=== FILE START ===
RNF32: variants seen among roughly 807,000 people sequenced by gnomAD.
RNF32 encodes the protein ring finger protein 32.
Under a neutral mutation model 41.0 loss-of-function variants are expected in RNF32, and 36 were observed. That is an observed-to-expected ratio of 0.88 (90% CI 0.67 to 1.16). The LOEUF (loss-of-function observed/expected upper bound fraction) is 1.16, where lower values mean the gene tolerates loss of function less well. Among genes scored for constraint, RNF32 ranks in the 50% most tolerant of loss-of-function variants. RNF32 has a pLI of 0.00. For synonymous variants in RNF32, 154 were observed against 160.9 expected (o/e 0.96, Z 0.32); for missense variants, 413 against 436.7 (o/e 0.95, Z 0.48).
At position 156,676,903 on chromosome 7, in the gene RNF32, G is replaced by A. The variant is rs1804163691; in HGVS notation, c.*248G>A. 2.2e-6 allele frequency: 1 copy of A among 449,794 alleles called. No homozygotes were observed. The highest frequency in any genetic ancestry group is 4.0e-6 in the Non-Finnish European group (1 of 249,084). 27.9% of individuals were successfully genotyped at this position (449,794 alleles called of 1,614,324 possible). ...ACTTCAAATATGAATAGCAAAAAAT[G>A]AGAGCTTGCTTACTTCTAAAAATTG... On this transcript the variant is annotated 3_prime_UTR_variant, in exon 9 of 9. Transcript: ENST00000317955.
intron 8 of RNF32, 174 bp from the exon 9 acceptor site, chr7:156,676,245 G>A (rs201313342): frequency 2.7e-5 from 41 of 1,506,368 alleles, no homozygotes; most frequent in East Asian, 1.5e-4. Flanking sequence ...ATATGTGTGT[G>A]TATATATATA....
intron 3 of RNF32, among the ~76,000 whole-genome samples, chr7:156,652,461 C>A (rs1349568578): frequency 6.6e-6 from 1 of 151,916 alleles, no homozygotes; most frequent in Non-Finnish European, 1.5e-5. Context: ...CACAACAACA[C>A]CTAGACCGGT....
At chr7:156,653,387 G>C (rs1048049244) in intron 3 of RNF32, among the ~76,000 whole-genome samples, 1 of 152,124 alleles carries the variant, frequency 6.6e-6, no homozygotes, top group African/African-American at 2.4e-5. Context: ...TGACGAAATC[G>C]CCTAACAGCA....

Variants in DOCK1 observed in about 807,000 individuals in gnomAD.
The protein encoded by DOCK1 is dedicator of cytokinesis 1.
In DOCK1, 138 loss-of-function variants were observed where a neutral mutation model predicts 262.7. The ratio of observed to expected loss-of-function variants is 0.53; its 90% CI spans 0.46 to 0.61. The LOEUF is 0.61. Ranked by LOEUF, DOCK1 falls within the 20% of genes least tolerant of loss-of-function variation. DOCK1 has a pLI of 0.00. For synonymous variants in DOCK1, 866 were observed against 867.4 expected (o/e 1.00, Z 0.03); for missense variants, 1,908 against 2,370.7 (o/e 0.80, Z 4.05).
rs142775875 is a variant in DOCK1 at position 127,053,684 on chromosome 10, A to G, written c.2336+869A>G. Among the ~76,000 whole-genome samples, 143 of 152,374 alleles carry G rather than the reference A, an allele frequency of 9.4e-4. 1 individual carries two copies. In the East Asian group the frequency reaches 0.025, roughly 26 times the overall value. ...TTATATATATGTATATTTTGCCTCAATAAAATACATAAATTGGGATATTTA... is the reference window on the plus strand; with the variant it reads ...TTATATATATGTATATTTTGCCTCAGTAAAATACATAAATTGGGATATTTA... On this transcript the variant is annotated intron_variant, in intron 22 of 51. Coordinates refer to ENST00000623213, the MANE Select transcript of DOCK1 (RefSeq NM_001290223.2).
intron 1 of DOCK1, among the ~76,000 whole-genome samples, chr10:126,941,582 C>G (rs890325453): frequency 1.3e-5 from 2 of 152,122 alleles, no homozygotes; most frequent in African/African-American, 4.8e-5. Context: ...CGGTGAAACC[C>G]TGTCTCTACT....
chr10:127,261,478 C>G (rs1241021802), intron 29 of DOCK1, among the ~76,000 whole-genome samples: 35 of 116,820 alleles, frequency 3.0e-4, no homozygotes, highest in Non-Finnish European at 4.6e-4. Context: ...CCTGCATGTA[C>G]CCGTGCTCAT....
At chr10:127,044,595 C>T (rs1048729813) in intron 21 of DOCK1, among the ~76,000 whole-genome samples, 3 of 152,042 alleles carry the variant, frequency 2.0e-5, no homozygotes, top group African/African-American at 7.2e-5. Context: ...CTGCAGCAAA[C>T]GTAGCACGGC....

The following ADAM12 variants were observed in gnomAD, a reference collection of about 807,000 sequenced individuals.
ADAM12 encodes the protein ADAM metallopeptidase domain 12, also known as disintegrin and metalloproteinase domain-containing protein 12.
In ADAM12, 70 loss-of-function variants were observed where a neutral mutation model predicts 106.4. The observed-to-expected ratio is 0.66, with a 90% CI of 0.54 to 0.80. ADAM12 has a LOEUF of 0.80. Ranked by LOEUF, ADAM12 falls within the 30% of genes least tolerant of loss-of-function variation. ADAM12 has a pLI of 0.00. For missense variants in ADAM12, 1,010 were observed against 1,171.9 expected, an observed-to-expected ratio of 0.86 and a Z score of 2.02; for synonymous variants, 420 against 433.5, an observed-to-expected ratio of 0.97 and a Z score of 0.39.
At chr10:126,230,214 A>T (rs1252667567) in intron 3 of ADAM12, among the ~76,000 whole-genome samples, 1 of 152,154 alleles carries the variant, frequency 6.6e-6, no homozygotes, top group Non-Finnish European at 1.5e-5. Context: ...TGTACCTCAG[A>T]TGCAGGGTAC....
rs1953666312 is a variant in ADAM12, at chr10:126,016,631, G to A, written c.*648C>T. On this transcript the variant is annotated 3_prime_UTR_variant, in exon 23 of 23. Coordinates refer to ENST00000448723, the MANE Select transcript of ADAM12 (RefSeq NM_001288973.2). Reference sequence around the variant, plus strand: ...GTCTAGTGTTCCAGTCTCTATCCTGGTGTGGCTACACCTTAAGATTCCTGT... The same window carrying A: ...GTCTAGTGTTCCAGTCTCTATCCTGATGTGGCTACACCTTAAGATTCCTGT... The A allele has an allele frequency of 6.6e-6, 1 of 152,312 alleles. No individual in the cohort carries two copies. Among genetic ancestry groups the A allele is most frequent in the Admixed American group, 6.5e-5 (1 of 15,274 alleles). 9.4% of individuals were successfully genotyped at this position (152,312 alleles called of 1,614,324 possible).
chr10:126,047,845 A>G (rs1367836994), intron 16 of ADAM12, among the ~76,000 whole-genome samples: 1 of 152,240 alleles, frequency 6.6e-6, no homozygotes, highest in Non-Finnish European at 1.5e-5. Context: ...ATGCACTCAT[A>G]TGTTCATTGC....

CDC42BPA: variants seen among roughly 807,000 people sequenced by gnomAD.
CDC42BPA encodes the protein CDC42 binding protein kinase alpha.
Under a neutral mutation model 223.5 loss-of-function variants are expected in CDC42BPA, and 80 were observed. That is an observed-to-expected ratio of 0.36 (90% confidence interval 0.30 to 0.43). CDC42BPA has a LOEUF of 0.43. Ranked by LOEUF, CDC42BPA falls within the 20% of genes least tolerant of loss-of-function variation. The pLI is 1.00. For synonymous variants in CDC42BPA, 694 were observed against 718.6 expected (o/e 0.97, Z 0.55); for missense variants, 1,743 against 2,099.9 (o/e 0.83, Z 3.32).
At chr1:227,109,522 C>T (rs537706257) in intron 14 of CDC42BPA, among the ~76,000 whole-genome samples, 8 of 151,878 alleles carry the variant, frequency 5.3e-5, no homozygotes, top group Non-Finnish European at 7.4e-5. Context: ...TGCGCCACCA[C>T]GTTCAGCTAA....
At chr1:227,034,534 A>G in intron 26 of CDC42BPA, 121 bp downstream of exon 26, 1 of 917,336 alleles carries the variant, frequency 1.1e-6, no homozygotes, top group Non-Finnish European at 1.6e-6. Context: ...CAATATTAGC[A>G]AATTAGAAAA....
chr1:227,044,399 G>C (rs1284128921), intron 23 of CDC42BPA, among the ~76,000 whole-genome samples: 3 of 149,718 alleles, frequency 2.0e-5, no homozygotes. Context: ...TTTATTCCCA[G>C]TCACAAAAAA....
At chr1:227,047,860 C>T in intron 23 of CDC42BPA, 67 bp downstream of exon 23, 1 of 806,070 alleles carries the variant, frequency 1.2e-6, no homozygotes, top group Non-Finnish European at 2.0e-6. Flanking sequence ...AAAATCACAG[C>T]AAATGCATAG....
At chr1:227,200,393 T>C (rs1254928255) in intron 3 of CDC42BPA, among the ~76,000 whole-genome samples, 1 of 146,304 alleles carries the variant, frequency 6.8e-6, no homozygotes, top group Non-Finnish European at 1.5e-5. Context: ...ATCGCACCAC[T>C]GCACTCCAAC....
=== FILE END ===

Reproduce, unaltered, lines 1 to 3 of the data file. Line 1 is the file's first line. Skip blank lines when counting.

RNF32: variants seen among roughly 807,000 people sequenced by gnomAD.
RNF32 encodes the protein ring finger protein 32.
Under a neutral mutation model 41.0 loss-of-function variants are expected in RNF32, and 36 were observed. That is an observed-to-expected ratio of 0.88 (90% CI 0.67 to 1.16). The LOEUF (loss-of-function observed/expected upper bound fraction) is 1.16, where lower values mean the gene tolerates loss of function less well. Among genes scored for constraint, RNF32 ranks in the 50% most tolerant of loss-of-function variants. RNF32 has a pLI of 0.00. For synonymous variants in RNF32, 154 were observed against 160.9 expected (o/e 0.96, Z 0.32); for missense variants, 413 against 436.7 (o/e 0.95, Z 0.48).